The other neat thing I found this week is a fun poster guide to eating seasonally from the website Eat Seasonably. I love the design of it and how it almost looks/reads like a poem. Print off a copy and stick it up in your kitchen.
It has been months since N baked homemade bread, but last night, prompted by a cube of fresh yeast, he got baking again. There was a near disaster at first, when the bread didn’t rise. We think it’s because the recipe we were following (find it here) called for dry yeast and we used fresh. On searching the internet I found out you need to use a lot more fresh yeast than dried…so while N started a fresh batch, I searched to find out if we could rescue the original batch. Turns out you can, thanks to those helpful people on the Jamie Oliver forums.
We ended up with two delicious loaves rather than one, neither of which were disastrous, and in fact were probably the best loaves we’ve made. We followed the recipe, misting the oven with water and the loaves before popping them in to bake. It produced the most fantastic crust, so we’ll definitely be using that technique again.
So, there you have it – my favourite meal…ever: still warm homemade bread smeared (generously, of course) with lightly salted farmhouse butter. Mmmmm mm.
*Note: we used white bread flour and didn’t follow the rye flour coating.
So the Mexican party last night was lovely, lots of sombreros and homemade ponchos, Maria brought maracas, and we ate a lot of chilli, baked potatoes, tortilla chips and wraps. Ours friends Katie and Kate, who’s party it was, have just finished doing their back yard and it looked stunning – they’ve painted the walls a cream colour and trellis in a mossy green, they’ve put some decking down and built raised beds that are full of interesting plants. It was just a really lovely place to sit out with friends.
Here are some pretty flowers and herbs from my garden that I made into a posy for our friends as a gift. This little bunch was so fragrant – with lavender, sweetpeas, marjoram and mint – I would definitely recommend using popping a couple of sprigs of herbs into a bunch of flowers.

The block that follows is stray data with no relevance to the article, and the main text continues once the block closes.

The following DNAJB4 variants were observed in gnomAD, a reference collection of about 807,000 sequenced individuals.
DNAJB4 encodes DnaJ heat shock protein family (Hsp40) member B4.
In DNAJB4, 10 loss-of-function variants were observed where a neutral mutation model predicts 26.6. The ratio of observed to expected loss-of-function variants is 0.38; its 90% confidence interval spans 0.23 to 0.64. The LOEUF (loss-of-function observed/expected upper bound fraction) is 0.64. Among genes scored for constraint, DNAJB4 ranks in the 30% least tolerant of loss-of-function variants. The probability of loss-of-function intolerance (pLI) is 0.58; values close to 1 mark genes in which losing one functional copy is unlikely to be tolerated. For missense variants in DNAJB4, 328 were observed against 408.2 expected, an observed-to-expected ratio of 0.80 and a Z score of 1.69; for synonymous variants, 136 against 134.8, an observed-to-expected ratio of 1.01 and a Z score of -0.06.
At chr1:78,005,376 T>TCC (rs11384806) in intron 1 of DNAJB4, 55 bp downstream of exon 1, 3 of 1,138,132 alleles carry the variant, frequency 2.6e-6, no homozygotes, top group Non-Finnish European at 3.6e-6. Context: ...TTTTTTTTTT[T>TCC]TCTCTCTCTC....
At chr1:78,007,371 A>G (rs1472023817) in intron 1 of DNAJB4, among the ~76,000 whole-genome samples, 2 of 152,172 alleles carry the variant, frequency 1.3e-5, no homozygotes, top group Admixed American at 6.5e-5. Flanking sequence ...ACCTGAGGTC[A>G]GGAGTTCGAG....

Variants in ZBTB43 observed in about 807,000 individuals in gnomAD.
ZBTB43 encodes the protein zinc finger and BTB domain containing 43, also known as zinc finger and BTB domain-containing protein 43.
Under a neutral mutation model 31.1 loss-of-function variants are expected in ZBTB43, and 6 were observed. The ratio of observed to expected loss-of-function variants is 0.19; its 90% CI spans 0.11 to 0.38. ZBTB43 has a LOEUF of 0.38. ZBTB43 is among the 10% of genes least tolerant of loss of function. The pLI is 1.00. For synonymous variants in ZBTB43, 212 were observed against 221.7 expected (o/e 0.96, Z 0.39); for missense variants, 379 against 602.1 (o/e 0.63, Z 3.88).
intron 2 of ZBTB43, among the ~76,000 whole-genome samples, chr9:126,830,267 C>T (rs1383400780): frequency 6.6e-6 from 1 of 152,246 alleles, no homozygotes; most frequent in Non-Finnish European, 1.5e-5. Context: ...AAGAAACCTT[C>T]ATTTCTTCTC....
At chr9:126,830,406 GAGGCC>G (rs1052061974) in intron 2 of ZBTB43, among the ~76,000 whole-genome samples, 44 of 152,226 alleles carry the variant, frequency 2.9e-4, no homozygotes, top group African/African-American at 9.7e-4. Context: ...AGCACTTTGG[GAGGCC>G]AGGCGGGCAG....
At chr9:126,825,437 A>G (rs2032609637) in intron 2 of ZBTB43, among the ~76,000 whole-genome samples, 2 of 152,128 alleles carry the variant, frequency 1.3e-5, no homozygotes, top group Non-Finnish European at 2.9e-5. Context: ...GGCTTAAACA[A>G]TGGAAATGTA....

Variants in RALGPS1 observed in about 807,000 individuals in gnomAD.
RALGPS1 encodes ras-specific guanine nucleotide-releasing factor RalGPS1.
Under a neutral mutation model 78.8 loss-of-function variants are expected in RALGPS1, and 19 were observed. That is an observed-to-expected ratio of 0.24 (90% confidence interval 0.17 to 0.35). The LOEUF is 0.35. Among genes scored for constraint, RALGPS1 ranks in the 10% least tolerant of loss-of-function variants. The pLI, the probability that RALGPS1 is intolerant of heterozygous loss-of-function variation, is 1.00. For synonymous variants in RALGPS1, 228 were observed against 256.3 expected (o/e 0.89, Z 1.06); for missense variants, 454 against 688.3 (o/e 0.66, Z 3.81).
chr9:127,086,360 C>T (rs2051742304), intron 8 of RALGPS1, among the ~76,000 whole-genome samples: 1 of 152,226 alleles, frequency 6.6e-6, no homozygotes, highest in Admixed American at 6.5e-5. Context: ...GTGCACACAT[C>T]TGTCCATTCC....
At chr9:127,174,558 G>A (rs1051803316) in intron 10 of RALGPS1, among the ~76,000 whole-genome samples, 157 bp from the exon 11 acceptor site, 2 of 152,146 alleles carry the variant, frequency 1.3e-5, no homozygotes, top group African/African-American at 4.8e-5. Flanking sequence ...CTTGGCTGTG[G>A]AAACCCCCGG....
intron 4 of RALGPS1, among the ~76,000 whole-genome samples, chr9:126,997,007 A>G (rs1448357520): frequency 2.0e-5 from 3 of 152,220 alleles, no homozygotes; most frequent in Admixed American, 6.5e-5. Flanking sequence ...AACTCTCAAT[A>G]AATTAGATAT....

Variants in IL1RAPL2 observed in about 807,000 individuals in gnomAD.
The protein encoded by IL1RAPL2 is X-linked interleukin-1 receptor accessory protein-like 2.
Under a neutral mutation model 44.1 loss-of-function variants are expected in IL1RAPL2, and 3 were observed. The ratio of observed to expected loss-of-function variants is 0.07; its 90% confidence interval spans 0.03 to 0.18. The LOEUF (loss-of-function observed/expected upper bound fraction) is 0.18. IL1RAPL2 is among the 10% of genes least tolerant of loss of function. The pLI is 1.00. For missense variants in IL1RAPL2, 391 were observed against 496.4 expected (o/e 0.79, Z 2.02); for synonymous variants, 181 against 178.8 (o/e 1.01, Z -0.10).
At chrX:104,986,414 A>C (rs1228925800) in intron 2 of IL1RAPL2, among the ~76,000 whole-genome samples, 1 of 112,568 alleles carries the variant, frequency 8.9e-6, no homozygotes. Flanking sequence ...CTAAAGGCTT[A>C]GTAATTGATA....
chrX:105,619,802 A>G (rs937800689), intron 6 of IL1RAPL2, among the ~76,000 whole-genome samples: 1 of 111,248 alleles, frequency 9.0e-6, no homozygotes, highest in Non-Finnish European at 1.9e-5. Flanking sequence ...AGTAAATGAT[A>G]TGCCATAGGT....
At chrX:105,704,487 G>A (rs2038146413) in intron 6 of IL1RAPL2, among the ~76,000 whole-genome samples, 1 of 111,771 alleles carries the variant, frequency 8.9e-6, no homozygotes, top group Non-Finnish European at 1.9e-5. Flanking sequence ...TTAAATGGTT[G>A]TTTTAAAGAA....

Today has been another warm day in Cheshire, so N and I headed straight down to the allotment to trim the long grass, water and put in a few more plants I’ve been growing from seedlings.
The strawberries we inherited on the allotment are plumping up nicely, we are just waiting for then to start blushing and turning red…and hope the rabbits don’t get to them first!
The purple sprouting broccoli (the green plant towards the back of the pic) has shot up since we last went down, and Maria’s brussel sprout plants (the purple plant in the foreground) are looking equally healthy. Even the three smaller plants that aren’t enclosed by my snazzy wire fence are doing well and haven’t (yet! touchwood!) been decimated by the rabbits.
I also discovered a number of small cabbage white caterpillars on one of the broccoli plants, so I have carefully pinched the leaves off, brought the caterpillars home and have lovingly encouraged them onto some of my nasturtium plants. Mad you may say, why didn’t I “dispose” of them you ask, well I like butterflies and I’m happy to sacrifice some of my nasturtiums for them.
Some of the sweetcorn (like this one) are doing well, others look a bit piddly, but rumour has it we’ve got rain this week, so hopefully that might pick the smaller ones up a little.
N cleared a patch of ground where pumpkins had previously been grown, and I planted four Uchi Kuri pumpkin plants that I have tended from seed. In between them I also dug in a couple of nasturtiums because I just love the way they trail and ramble over everything and their jolly flowers.
So overall the allotment is looking pretty good, taking into consideration that this year we just haven’t had the time to clear and tidy it properly. Rather things are just growing between the tall grasses and weeds, but growing they are. Next year we will work on making it look pretty and neat.
Tonight we are off out to visit friends for dinner – they are having a Mexican party and I can’t wait to find out what delicious food we’ll be eating.
But before that, I’m heading out to our May Queen Festival to help out on a stall to promote my ‘really local food map’ for our village. I’ve got a large map of the village and surrounding area and am armed with some sticky tabs – hopefully people will write down places they know that sell local food and pop them on the map. At least it’s sunny for the parade, so I’m sure there will be a good turn out of people.